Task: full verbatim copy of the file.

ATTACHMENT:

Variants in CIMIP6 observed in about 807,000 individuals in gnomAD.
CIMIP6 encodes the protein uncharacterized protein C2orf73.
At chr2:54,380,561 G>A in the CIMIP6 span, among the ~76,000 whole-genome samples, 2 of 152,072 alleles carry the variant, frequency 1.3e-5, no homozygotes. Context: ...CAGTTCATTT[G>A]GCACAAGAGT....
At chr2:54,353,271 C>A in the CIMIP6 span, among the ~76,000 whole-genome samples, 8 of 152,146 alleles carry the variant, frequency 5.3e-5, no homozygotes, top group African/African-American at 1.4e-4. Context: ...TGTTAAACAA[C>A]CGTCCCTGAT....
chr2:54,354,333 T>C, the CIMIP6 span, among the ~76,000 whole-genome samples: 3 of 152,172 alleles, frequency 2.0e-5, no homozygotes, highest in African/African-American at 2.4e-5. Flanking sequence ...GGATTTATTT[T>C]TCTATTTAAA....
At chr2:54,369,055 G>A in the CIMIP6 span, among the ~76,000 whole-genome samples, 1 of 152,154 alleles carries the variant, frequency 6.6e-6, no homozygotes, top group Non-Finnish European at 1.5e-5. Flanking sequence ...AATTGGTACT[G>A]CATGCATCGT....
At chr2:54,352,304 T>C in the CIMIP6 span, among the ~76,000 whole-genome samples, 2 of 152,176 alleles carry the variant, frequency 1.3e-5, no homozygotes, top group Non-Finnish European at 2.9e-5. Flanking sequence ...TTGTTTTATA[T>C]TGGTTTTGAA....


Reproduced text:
Variants in CIMIP6 observed in about 807,000 individuals in gnomAD.
CIMIP6 encodes the protein uncharacterized protein C2orf73.
At chr2:54,380,561 G>A in the CIMIP6 span, among the ~76,000 whole-genome samples, 2 of 152,072 alleles carry the variant, frequency 1.3e-5, no homozygotes. Context: ...CAGTTCATTT[G>A]GCACAAGAGT....
At chr2:54,353,271 C>A in the CIMIP6 span, among the ~76,000 whole-genome samples, 8 of 152,146 alleles carry the variant, frequency 5.3e-5, no homozygotes, top group African/African-American at 1.4e-4. Context: ...TGTTAAACAA[C>A]CGTCCCTGAT....
chr2:54,354,333 T>C, the CIMIP6 span, among the ~76,000 whole-genome samples: 3 of 152,172 alleles, frequency 2.0e-5, no homozygotes, highest in African/African-American at 2.4e-5. Flanking sequence ...GGATTTATTT[T>C]TCTATTTAAA....
At chr2:54,369,055 G>A in the CIMIP6 span, among the ~76,000 whole-genome samples, 1 of 152,154 alleles carries the variant, frequency 6.6e-6, no homozygotes, top group Non-Finnish European at 1.5e-5. Flanking sequence ...AATTGGTACT[G>A]CATGCATCGT....
At chr2:54,352,304 T>C in the CIMIP6 span, among the ~76,000 whole-genome samples, 2 of 152,176 alleles carry the variant, frequency 1.3e-5, no homozygotes, top group Non-Finnish European at 2.9e-5. Flanking sequence ...TTGTTTTATA[T>C]TGGTTTTGAA....